BEIRUT: Demand for food delivery in Lebanon has nearly doubled in the span of a year, reflecting the rise of convenience culture in the country. “In 2018 there were roughly 10,000 food deliveries per day. Now it has grown to 18,000 orders per day since the beginning of 2019,” Toni al-Rami, president of the Syndicate of Owners of Restaurants, Cafes, Nightclubs and Pastries, told The Daily Star.
Rami attributes this spike in part to customers wanting to avoid the chaotic traffic, as well as the floundering economic situation in the country. “In an economic crisis it’s cheaper for you to order to your home than to eat out,” Rami said.
According to the syndicate’s statistics, the average order amounts to $15. However, Rami pointed out that this is often much cheaper that what a customer would pay when eating out in the restaurant itself.
“It cuts costs on having to purchase marked-up alcohol and water; you can buy your own for much less,” Rami said, adding that there had been a rise in office deliveries due to longer working hours.
Another central factor driving the rise in deliveries is the increased accessibility of food delivery provided through mobile applications.
More than 40 percent of orders are now placed through mobile applications, Rami said.
Over the last five years, multiple food and beverage mobile apps have exploded onto the Lebanese food delivery scene. The three leading competitors in the country are Zomato, Toters and Onlivery, according to the syndicate. Zomato takes the lion’s share of online orders, providing almost 70 percent of all deliveries.
Onlivery was one of the first delivery apps to come online, entering the scene in 2013, with others following suit soon after.
Zomato, Lebanon’s biggest delivery service, initially launched in the country in 2014 as a food and beverage search and discovery app. Two and a half years later, it launched its online ordering service.
Currently, Zomato lists 8,500 restaurants and bars and has 850,000 registered users who can order deliveries from a total of 1,500 outlets, according to Zomato’s Lebanon country manager Bechara Haddad.
The app now covers restaurants across Lebanon, including in Tripoli, Sidon and Zahle. Haddad expects the app to have 10,000 restaurants listed by the end of March 2020.
“Our numbers have doubled year on year. Month to month we are experiencing 10 to 15 percent growth,” Haddad said.
Zomato does not have its own delivery fleet and orders are assigned to drivers hired by the restaurant.
Toters, a food delivery app that launched in 2017, instead has its own fleet of drivers who act as middle men between restaurants and their customers, delivering food and drink from any of the 350 outlets registered with the app.
Toters co-founder and CEO Tamim Khalfa recalls how in the beginning, he helped out his bourgeoning startup by making deliveries to customers himself.
Now, the food delivery business employs almost 400 drivers across Lebanon. Almost half of them operate within Beirut.
Khalfa sees his business as having a positive impact on the job market. “A lot of the time this job is someone’s primary source of income. We’re providing people opportunity,” Khalfa said.
“That’s a lot of value we’ve generated. We treat [the drivers] with high professionalism, unlike many common food delivery companies.”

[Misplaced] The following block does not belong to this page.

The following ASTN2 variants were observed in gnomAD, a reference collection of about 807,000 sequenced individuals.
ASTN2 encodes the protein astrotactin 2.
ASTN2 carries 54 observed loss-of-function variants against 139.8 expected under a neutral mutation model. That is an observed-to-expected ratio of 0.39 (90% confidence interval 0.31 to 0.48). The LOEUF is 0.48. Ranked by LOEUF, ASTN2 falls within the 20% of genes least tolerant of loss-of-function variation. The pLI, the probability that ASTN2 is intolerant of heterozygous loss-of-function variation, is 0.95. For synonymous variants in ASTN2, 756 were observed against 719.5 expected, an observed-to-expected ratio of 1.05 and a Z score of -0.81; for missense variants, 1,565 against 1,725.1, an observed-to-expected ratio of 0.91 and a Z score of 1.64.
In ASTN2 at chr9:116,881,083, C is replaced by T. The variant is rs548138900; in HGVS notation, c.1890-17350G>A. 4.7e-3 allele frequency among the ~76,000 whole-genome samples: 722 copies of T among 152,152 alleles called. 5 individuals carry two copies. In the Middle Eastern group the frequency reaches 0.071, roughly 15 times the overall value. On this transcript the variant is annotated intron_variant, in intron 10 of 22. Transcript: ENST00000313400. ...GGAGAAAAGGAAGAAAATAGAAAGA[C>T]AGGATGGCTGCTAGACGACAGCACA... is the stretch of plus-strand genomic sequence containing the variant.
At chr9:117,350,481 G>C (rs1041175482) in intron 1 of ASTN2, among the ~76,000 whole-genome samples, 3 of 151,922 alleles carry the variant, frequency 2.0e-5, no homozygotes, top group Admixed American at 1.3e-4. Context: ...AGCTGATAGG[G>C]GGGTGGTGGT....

All day and night, motorbikes with big delivery boxes strapped to the back can be seen zipping through the congested streets of Lebanon’s capital.
Despite their visibility in the city, the stories of the people who many Lebanese rely on to deliver food often go untold.
Thirty-one-year-old Salim Kayal, who for six years worked as a delivery driver hired by individual restaurants, started delivering for Toters eight months ago.
“I make better money at Toters and they treat me better than at the previous restaurant I worked at,” said Kayal, who provides for a family of three.
Many work for restaurants who hire their own drivers for deliveries.
“Sometimes we’re treated like we’re invisible,” said Hamza, a 25-year-old Palestinian who works as a delivery driver in Beirut.
“People are nice. [But] a lot of the time I’ll go to someone’s door, they’ll take the food and slam [the door] in my face.
“It feels like I’m not there, especially after working for 11 hours,” Hamza said.
Hamza, whose name has been changed to protect his identity, turned to delivery work after struggling to find a stable, full-time job, despite having graduated from a Lebanese university.
“This is my only option. I can’t just depend on my parents to pay for me. Plus I have a student loan of LL36 million [$23,880] to pay off,” Hamza said.
He makes $2.50 an hour.
His challenge to find work is exacerbated by the fact that, as a Palestinian living in Lebanon, it is difficult to obtain a work permit.
Twenty-nine-year-old Sami makes $2.60 per hour working as a delivery driver for a restaurant in Beirut’s Gemmayzeh, but says his wage depends on the number of orders, which can fluctuate from season to season.
“In the winter it’s more, in the summer it’s less,” Baalbeck-born Sami said.
Sami, whose name has also been changed, has a wife and two daughters. He said he struggled every day to provide for his family, sometimes picking up extra shifts and working 12-hour days to make sure his family could eat.
“The economic situation is really hard. It feels like everything is going backward in this crisis, nothing is moving forward,” Sami said.
“Of course I’d be doing something else if I could. But there is no work for us, not in this country.”